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All reviews - Movies (3)

The Artist review

Posted : 5 years, 5 months ago on 2 January 2012 09:12 (A review of The Artist)

Go See "The Artist"

Having dabbled in the 1920s with "Midnight In Paris", this movie will emerse you in this classic decade. The cars, the clothes, the hair... Director Michel Hazanavicius doesn't miss a single beat. Even the extras - every pedestrian and stagehand - has the classic familiarity of your grandparents' yearbook. Even the top name character actors filling in the cast as featured extras (Malcolm McDowell, Beth Grant, Ed Lauter). Stars Jean Dujardin (looking more, at times, like Gene Kelly) and Bérénice Bejo fit perfectly into this era. All in all, it’s like a lost reel straight from 1927.

I grew up going to the local Silent Film Festival every spring, so my hopes were high for "The Artist"; I can tell you, I was not disappointed. It wasn't a stylized homage (like, say, "Down With Love") or a technical exercise (Gus Van Sant's "Psycho"), this was a 20s period film all around. Like the indulgent "reality" of "Mad Men", "The Artist" is clouded with cigarette smoke, charmed with male chauvinism, and shamefully lacking real roles for minorities; and at the same time, full of G-rated romance and compelling melodrama.

Michel Hazanavicius takes full advantage to his film's lack of sound and dialogue, using title cards only when absolutely necessary. In fact, one slightly jarring moment comes when we hear Rose Murphy singing “Pennies from Heaven” over a montage. Slapstick and truly expressive acting are illuminated instead. This, frankly, has been sadly absent in movies lately. The most expressive performances coming from animated characters like Wall-E and Caesar (“Rise of the Planet of the Apes”).

One of the compelling (and melancholy) aspects of the plot is the shift during the Great Depression from silent films to talkies. Though it is the undertow of the lead’s story, it simultaneously self-conscious, reminding us what a rare treat this movie really is.

Like I said, Go see “The Artist”! Take someone who truly loves cinema with you. Take your grandparents. This movie will transport you and remind you why we love movies so much.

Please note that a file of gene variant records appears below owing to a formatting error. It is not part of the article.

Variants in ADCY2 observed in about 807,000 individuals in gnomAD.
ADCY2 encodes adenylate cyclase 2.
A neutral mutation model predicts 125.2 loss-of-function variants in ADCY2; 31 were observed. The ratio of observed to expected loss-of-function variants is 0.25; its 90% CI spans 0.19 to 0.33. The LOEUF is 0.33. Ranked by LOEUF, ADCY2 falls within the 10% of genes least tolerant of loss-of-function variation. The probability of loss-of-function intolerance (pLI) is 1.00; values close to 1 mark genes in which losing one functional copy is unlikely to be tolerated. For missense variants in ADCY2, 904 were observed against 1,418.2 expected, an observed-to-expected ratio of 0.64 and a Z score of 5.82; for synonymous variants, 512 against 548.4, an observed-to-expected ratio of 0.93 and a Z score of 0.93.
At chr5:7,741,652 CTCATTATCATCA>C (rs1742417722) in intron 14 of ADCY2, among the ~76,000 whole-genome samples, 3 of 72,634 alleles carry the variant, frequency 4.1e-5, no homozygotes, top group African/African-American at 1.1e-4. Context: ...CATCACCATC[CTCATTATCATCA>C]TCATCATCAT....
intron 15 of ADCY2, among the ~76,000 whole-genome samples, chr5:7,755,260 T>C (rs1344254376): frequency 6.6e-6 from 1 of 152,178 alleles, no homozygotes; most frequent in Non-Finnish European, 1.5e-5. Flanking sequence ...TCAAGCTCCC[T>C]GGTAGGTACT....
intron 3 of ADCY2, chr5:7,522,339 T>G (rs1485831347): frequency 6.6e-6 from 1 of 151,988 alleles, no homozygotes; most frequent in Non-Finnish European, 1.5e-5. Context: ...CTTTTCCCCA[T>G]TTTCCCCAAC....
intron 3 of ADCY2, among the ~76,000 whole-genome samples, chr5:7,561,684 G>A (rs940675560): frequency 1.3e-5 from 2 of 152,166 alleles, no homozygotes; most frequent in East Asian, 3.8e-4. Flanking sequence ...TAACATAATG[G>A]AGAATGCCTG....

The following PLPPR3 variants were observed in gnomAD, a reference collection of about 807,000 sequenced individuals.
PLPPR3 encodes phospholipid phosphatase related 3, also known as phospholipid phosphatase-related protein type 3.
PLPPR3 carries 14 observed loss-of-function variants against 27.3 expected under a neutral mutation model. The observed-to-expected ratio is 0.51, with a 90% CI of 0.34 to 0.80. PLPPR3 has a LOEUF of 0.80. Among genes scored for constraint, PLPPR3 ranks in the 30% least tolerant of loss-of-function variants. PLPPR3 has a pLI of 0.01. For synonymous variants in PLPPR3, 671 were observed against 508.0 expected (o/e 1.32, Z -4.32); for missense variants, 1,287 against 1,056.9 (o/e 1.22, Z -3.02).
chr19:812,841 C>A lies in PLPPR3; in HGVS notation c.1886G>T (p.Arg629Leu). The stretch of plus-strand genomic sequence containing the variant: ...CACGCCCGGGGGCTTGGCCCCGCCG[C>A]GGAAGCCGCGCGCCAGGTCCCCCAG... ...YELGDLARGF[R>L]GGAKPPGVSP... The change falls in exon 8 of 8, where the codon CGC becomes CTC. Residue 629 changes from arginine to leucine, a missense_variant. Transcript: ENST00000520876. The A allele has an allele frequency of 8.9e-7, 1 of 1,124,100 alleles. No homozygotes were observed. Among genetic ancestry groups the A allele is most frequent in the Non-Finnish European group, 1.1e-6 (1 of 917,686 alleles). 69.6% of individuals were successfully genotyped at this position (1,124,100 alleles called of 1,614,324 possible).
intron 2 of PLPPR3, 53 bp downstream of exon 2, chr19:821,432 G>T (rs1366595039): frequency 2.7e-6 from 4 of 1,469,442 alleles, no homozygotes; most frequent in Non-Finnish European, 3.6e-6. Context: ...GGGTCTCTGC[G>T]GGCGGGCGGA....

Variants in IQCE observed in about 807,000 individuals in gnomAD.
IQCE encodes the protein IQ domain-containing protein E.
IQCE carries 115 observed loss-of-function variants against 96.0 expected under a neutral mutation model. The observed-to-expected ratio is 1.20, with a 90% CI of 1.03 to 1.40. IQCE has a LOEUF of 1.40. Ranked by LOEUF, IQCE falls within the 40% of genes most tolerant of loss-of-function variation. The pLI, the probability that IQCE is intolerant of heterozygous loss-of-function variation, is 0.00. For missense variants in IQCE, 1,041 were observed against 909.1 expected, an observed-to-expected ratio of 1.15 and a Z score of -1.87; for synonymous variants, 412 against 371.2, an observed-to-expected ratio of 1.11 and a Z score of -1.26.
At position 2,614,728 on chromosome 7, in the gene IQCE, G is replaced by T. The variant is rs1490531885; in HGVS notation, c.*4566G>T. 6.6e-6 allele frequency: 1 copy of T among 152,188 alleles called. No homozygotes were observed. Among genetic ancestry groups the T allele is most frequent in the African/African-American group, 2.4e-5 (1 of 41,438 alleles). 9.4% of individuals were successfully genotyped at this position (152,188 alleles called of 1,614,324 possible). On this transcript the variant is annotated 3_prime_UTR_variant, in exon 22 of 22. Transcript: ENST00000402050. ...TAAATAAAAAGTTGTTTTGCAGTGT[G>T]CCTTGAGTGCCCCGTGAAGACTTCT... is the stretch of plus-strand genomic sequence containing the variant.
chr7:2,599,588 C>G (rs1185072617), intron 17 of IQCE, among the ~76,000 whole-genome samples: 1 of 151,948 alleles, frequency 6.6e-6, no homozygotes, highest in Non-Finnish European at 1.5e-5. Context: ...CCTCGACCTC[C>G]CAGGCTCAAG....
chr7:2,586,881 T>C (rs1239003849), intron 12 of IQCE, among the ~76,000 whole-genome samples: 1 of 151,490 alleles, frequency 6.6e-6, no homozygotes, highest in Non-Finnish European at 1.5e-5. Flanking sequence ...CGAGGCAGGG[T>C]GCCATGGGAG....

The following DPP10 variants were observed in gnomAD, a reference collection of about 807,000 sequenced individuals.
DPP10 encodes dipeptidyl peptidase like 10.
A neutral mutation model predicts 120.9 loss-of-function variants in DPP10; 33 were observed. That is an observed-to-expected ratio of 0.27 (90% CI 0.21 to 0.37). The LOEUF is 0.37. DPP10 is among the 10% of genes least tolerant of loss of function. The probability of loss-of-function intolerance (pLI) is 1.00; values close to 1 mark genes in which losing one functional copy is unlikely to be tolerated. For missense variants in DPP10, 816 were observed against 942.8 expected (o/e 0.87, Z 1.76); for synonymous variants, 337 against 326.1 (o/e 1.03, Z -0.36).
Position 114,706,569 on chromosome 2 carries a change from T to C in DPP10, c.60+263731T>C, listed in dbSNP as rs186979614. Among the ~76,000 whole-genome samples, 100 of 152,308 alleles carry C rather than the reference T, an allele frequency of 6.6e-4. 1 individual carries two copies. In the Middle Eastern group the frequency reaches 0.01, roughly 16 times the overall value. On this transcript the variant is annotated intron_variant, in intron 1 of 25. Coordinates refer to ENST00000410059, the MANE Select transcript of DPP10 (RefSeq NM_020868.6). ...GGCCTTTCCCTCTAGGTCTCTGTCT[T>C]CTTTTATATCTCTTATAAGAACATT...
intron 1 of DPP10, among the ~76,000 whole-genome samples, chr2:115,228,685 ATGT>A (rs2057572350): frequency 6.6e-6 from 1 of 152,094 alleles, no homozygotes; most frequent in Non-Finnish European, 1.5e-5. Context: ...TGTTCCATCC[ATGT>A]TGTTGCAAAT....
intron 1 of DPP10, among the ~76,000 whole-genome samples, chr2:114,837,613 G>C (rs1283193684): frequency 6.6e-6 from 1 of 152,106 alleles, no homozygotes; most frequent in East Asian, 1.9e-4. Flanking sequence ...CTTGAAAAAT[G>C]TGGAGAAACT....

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Midnight in Paris review

Posted : 5 years, 5 months ago on 1 January 2012 08:54 (A review of Midnight in Paris)

Nevermind - SockShare sucks. Go with SolarMovie indtead.

Finally got a good file started. On to beer number two, Jubelale by Deschute’s. This one I’ve been drinking all winter - it’s one of the many seasonals from Deschutes that I always look forward to. Like a good winter beer it’s got full on malts, but with some hops as well to spice it up. It 6.7% abv, but that’s not quite good enough. I like to add some homemade Thanksgiving spice liqueur to this one. It’s just vodka infused with dried cranberries, orange peel, clove, cinnamon, ginger, and sugar; but a half shot or so turns this beer into high octane liquid gingerbread! Now I’m really full of cheer!


Midnight In Paris is a shamelessly romantic love letter to Paris, to its streets, its artistic magnetism, its famous inhabitants... This movie deserves to be seen with Paris, Je T’Aime - well, maybe as the hors-d’oeuvres.

The transition from today to yesterday was Brilliantly Sublime - taking advantage the facades of Paris which haven’t changed in centuries - and without any formal cue to the audience. I was just as surprisedly invited into the past as Gil was, without special effects or tromp-d’œil; I was at a loss to say if it was real or just theatrics, like slipping into a dream. I love how Gil tried to show Inez like a little kid who swears he saw fairies in the back yard.